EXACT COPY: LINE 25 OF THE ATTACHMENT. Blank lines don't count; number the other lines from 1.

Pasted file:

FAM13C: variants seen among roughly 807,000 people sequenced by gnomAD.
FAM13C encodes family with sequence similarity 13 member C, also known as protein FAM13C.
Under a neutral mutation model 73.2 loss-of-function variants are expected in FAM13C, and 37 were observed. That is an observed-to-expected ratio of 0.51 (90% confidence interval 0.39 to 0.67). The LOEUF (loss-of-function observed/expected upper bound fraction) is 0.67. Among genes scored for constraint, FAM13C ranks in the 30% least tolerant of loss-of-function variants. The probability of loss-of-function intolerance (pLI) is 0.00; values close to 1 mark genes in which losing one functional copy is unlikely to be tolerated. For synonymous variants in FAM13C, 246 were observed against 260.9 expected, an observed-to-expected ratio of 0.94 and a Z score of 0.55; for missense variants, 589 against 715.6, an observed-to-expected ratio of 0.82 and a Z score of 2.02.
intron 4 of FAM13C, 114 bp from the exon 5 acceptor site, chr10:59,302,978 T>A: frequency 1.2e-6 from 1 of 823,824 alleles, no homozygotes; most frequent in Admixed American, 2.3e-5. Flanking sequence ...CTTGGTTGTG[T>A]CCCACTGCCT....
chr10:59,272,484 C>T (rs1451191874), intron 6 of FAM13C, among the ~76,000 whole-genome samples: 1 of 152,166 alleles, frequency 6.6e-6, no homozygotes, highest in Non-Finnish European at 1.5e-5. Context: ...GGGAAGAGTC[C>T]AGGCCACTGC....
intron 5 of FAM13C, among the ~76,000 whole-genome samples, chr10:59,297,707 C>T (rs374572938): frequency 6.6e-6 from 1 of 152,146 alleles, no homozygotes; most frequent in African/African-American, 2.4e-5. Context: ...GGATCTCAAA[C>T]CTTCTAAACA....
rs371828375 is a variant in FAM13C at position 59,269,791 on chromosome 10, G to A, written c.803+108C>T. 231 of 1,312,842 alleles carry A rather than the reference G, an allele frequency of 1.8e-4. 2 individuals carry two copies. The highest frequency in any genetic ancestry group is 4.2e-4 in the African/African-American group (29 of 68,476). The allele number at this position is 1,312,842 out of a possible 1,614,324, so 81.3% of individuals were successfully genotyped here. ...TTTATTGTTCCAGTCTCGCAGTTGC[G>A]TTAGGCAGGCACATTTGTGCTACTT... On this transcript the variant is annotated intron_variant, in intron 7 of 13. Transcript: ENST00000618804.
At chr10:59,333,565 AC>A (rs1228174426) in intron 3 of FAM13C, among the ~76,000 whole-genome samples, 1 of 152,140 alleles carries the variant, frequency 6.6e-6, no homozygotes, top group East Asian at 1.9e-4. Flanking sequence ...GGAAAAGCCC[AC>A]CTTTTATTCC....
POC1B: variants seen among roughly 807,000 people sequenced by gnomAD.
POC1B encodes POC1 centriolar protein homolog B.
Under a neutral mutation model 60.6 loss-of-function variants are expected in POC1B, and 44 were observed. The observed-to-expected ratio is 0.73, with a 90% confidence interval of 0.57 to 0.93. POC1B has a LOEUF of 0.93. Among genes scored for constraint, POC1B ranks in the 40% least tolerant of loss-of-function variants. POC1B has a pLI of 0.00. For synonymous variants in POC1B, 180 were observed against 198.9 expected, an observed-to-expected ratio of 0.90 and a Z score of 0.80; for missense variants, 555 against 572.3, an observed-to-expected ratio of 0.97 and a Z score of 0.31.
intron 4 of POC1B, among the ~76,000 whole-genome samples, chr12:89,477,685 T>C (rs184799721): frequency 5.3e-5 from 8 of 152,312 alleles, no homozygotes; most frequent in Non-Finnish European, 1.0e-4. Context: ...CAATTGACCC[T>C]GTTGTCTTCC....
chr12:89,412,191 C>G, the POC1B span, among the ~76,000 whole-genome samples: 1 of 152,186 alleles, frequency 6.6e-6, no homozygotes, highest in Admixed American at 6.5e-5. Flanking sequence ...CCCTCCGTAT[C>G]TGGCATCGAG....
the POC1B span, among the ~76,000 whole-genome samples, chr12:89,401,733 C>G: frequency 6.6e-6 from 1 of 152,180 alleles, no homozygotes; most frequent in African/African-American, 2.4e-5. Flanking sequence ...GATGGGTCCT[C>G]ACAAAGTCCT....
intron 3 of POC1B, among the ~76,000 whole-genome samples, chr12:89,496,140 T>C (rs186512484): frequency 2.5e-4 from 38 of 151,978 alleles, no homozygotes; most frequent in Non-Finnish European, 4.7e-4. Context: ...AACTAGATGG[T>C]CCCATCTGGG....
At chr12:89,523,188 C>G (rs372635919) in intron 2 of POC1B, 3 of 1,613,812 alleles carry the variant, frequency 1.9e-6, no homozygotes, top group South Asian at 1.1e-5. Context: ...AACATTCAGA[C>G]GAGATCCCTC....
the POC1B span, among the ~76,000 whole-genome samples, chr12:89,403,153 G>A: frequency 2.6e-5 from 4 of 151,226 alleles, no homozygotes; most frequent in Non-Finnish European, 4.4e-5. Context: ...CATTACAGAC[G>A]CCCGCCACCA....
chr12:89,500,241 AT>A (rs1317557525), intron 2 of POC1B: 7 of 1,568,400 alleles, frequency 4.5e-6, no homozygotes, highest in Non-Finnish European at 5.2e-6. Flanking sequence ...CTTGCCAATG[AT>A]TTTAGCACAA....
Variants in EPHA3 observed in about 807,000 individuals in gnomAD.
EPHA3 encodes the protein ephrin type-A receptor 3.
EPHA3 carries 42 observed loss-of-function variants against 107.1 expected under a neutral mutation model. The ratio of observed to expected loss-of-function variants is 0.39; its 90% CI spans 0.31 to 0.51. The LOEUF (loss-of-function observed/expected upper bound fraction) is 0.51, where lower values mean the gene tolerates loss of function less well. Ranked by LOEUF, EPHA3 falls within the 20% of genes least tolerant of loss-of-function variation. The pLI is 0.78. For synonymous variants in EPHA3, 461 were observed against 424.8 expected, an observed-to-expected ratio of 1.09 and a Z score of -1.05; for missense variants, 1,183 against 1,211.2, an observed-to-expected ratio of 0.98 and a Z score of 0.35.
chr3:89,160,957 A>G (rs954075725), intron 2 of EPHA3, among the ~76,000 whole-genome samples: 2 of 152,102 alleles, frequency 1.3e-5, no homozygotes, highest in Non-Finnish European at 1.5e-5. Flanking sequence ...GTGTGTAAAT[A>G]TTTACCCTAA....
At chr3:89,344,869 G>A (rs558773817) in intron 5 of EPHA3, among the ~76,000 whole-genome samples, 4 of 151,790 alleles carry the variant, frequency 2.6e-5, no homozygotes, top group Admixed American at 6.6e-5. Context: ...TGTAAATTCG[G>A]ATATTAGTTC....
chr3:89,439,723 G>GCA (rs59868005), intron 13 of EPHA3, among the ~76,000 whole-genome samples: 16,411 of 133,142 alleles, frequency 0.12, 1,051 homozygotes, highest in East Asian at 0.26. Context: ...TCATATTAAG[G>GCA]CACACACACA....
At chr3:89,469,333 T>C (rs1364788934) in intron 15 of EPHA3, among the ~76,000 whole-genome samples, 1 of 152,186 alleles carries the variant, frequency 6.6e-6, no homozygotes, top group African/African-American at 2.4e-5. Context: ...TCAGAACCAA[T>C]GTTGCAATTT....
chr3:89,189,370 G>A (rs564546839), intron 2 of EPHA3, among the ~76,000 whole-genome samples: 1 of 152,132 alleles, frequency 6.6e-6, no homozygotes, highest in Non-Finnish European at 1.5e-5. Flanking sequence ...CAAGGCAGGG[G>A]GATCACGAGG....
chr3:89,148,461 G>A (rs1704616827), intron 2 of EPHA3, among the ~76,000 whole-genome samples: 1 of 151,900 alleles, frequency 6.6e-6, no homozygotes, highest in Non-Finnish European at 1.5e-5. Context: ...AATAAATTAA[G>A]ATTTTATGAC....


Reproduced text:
At chr3:89,469,333 T>C (rs1364788934) in intron 15 of EPHA3, among the ~76,000 whole-genome samples, 1 of 152,186 alleles carries the variant, frequency 6.6e-6, no homozygotes, top group African/African-American at 2.4e-5. Context: ...TCAGAACCAA[T>C]GTTGCAATTT....